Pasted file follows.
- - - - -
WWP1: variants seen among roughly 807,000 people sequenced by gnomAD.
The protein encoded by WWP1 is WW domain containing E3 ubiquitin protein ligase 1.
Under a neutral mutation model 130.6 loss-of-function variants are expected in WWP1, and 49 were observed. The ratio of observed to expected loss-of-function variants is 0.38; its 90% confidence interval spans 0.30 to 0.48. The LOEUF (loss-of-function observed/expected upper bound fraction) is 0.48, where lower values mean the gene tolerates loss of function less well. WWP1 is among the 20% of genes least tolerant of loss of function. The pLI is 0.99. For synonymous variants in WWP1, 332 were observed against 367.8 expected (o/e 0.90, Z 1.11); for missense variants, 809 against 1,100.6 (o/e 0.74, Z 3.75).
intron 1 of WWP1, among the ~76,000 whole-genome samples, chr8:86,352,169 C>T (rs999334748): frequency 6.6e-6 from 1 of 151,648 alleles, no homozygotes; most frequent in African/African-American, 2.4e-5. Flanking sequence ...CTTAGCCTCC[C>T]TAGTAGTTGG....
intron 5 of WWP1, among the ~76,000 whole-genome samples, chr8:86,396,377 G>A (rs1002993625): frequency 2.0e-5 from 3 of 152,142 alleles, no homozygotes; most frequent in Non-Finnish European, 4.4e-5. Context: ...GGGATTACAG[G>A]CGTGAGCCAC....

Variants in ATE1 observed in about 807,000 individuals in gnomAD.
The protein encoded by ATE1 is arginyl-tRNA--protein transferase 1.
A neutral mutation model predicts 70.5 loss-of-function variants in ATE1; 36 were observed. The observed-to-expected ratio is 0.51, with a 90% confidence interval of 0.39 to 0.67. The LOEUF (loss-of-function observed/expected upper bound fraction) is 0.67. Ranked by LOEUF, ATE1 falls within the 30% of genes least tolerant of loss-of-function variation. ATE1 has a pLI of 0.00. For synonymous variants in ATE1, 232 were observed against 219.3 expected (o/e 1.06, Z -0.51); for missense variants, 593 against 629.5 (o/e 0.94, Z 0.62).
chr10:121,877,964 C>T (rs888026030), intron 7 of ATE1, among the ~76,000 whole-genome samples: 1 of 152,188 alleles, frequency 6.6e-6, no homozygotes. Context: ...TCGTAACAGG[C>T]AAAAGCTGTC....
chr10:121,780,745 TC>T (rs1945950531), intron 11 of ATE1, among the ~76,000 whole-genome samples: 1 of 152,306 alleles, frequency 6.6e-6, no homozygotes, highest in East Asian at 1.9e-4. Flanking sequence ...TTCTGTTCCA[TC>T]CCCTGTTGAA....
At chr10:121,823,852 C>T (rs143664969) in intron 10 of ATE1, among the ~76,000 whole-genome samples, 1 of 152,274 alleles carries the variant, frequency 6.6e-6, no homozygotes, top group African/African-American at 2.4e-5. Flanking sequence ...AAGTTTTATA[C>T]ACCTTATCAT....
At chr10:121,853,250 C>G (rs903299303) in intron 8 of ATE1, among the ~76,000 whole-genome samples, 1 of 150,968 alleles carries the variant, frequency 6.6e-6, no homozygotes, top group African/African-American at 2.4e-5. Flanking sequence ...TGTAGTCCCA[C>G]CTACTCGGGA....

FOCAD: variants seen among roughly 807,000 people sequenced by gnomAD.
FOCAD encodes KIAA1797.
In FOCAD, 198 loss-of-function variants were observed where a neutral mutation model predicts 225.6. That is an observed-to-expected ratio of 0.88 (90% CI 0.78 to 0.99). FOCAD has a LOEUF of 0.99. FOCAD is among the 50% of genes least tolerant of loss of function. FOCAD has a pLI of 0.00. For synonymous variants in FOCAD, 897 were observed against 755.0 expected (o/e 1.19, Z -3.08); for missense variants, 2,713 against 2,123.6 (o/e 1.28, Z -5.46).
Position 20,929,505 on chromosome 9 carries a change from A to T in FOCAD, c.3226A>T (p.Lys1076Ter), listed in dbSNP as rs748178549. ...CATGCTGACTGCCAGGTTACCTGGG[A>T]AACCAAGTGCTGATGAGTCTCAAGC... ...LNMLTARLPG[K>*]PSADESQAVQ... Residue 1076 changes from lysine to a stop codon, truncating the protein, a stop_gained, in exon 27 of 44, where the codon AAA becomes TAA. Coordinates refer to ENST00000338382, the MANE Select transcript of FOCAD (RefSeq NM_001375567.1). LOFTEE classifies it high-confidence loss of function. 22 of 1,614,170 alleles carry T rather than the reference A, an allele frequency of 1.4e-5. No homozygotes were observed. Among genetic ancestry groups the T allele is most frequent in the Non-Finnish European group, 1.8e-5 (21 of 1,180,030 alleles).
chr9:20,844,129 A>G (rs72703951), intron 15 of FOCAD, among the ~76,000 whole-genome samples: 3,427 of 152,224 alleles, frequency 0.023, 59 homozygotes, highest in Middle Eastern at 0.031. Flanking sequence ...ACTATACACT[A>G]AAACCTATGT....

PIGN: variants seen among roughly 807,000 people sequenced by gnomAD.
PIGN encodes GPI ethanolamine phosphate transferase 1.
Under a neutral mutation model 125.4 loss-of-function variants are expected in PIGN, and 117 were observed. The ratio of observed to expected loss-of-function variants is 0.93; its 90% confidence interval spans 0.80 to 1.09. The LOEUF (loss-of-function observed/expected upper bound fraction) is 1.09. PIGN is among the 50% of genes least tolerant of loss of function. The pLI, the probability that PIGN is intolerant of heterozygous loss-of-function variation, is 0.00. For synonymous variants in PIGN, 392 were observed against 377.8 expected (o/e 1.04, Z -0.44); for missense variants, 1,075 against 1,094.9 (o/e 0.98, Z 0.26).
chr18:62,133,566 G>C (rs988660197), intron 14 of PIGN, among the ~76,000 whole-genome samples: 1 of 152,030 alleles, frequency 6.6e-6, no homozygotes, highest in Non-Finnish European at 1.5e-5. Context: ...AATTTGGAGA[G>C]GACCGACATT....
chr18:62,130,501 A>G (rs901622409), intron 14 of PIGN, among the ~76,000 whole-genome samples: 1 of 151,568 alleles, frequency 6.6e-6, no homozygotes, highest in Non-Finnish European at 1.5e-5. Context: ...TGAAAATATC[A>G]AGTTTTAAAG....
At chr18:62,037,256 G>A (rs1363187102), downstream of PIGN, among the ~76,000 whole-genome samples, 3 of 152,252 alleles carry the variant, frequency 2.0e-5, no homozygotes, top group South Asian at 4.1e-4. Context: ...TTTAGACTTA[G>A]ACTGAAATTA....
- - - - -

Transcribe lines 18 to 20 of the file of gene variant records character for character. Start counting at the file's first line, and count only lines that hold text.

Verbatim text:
PIGN: variants seen among roughly 807,000 people sequenced by gnomAD.
PIGN encodes GPI ethanolamine phosphate transferase 1.
Under a neutral mutation model 125.4 loss-of-function variants are expected in PIGN, and 117 were observed. The ratio of observed to expected loss-of-function variants is 0.93; its 90% confidence interval spans 0.80 to 1.09. The LOEUF (loss-of-function observed/expected upper bound fraction) is 1.09. PIGN is among the 50% of genes least tolerant of loss of function. The pLI, the probability that PIGN is intolerant of heterozygous loss-of-function variation, is 0.00. For synonymous variants in PIGN, 392 were observed against 377.8 expected (o/e 1.04, Z -0.44); for missense variants, 1,075 against 1,094.9 (o/e 0.98, Z 0.26).